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Working In The Philippines

A photo of someone working at dishing up cafeteria food


I’ve heard the same old song over and over again from expats. It goes like this, “Oh, I love living in the Philippines because it doesn’t have any of those stupid, stifling rules like that stupid, stifling government of mine back in my country.”

To some extent, it’s true. There are rules, laws, in many fully developed countries that seem dumb and counterproductive. Usually, though, what the expat means is: “I love living in the Philippines because I can do whatever I want.” And that attitude will get you into trouble.

Take It But Don’t Dish It Out

My wife is opening a carinderia. I have been extremely careful to have absolutely nothing to do with it beyond tasting the recipes she is going to use.

She has done all of the financial work in her name. The lease is in her name. Even the name of the eatery has her initials in it. She’s supervising the construction from her design. She is purchasing all of the equipment, disposables, and raw ingredients. She’ll even be cooking the food, along with her sister.

I have been very clear and purposeful from the beginning: I will not have anything to do with the design or operation of the place except for eating there sometimes. I will take the food but have nothing to do with dishing it out. See?

Why? Because it’s illegal for me to work here in the Philippines. And operating a carinderia is “working”.

Working In The Philippines? Hold On There

A photo of a Filipino construction worker who is working in the Philippines

This guy is working, something most visitors cannot legally do.

In April of this year, a news story was published about an American who was arrested on Boracay Island for being in the country on a Tourist visa while owning/operating a resort.

The American had been visiting the Philippines since 2005 and had been in the country since 2016. He apparently had been extending his Tourist visa for two years.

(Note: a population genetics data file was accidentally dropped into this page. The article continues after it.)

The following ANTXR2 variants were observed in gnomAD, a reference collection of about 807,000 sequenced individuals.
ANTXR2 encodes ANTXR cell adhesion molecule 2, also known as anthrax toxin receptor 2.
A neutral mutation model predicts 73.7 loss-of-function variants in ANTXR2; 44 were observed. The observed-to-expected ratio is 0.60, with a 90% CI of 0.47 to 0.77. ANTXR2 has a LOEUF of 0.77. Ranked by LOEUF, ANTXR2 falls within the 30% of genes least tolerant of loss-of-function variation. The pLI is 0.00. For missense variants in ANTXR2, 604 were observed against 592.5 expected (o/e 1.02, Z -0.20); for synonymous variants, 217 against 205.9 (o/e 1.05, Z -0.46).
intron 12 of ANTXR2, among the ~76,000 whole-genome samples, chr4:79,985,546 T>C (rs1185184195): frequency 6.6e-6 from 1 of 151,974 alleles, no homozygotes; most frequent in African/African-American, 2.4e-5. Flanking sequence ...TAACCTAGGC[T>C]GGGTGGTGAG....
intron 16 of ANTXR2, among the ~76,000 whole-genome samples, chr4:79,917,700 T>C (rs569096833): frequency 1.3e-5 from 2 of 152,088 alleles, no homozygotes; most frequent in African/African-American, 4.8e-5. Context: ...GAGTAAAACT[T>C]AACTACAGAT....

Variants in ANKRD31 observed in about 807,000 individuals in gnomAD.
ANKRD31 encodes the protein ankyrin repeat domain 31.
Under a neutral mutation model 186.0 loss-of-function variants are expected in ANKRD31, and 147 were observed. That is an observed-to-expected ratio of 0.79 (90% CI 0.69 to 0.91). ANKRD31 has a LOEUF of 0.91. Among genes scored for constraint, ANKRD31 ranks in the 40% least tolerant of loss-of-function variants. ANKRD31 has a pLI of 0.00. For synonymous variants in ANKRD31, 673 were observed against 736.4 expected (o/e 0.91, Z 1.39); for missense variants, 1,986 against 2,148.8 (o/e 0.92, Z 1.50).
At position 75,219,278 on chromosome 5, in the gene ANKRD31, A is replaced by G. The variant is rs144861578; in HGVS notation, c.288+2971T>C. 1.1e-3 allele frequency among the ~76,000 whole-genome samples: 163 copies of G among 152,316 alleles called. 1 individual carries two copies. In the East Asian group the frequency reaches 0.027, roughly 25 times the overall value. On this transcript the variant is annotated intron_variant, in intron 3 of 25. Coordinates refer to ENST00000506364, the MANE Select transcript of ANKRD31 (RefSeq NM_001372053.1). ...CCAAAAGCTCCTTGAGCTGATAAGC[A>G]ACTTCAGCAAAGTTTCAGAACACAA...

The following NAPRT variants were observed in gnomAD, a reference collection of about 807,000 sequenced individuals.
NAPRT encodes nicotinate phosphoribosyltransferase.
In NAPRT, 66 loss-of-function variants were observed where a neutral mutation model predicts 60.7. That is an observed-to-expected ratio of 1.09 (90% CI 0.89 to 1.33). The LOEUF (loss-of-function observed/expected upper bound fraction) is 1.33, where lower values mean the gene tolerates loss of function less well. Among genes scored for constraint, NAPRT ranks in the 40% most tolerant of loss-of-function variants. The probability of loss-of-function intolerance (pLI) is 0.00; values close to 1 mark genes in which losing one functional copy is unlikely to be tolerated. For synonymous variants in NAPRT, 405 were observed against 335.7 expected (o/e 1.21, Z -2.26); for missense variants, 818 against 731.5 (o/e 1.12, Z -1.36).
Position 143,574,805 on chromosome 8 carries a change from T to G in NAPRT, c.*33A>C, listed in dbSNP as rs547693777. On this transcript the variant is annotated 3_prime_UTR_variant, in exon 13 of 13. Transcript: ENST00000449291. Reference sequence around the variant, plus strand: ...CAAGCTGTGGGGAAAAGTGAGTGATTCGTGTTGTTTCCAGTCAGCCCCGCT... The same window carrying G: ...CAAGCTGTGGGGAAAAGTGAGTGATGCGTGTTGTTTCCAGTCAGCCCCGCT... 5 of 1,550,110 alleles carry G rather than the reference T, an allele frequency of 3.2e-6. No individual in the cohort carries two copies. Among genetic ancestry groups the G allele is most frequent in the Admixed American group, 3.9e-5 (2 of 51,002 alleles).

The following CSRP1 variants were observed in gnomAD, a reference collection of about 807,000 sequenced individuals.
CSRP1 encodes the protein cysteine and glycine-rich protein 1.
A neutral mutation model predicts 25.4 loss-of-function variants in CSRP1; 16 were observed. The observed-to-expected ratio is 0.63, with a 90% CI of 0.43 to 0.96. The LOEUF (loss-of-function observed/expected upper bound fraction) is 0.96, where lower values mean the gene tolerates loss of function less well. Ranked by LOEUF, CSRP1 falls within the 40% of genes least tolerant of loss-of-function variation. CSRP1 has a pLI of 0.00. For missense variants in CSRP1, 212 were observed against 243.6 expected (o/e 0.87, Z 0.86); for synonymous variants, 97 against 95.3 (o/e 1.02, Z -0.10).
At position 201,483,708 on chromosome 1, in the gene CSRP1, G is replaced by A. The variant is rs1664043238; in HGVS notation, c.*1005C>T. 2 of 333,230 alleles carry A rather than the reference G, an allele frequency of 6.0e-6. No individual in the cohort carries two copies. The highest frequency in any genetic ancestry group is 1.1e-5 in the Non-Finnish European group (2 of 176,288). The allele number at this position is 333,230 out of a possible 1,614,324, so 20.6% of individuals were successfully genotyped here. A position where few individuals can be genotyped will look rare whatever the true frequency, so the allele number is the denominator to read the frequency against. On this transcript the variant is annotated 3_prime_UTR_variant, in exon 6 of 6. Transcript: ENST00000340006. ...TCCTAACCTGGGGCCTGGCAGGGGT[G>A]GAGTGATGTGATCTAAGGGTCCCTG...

Unfortunately for him, only certain classes of Philippine visa holders can work. “The rule is that aliens holding tourist visas are not allowed to engage in any form of gainful employment or business activity, while on a Tourist visa without the necessary permit and visa to do so,” according to BI spokesperson Antonette Mangrobang.

The fellow is now going to be deported. Whatever dreams he had of enjoying life as a resort owner on beautiful Boracay are over.

You Can’t Always Do What You Want

The truth is, we expats can’t do whatever we want to here, even though it seems sometimes that the laws aren’t being enforced.

Sometimes, expats and visitors push the envelope when it comes to the law, like the Boracay resort owner above. Other times, they simply don’t realize what they’re doing or that things have changed around them.

The tourists who took nude photos in front of Cambodia’s Angkor Wat a few years ago probably weren’t trying to be disrespectful and they probably didn’t think that Cambodians would enforce any sort of law against what they were doing. But Cambodian law caught up to them.

The American “Instagram model” Kinsey Golden and her boyfriend, who were island hopping through the Philippines, were stopped by police in Baclayon, Bohol for “indecency” back in April 2018.

They were riding a motorcycle wearing swimwear. That’s something tourists all over the world do. But in Baclayon, shirtless men and women with their butts hanging out of the bikini bottoms are considered to be “indecent”. They were ticketed and allowed to go after covering up.

They didn’t intend to offend but they didn’t realize that the area they were in was suddenly different than the beach they were on or wherever else they may have been hopping from.

In another town or perhaps on another day, they may not have been noticed by the law. But it goes to show that you can’t always do what you want.

What About Working Remotely?

The affiliate marketing cycle: advertise, track, analyze, profit.If I type on my keyboard here in Davao and publish to my website that makes money from ads, am I working in the Philippines? Well, I’m not sure.

Certainly, resides on a server in the United States so I’m working remotely. I think I’m okay on that point. But what about affiliate marketing?

Affiliate marketing is basically advertising products and sharing a small percentage of the sale when the product is purchased by a customer. Special links are used so that the company can tell that the customer purchased because of your advertisement.

Again, I use Google Adsense like millions of other people. Google is based in the US so I think I’m okay there.

But I was also marketing for the Philippines’ arm of That means I would have been making a small percentage of money from Filipinos if they bought products through my ads. Is that legal? How about if I use my wife’s tax ID, making her the recipient of any proceeds from sales? Is that okay? Is that being honest?

I don’t have ready answers to these questions so I’ve stopped advertising for Until I can say for sure that I’m not breaking (or stretching) Philippines labor law, I will not advertise their products.

Stay tuned – I plan to update this post when I know more.



FIlipino worker photo resized from an original by: mikecogh Flickr via Compfight cc


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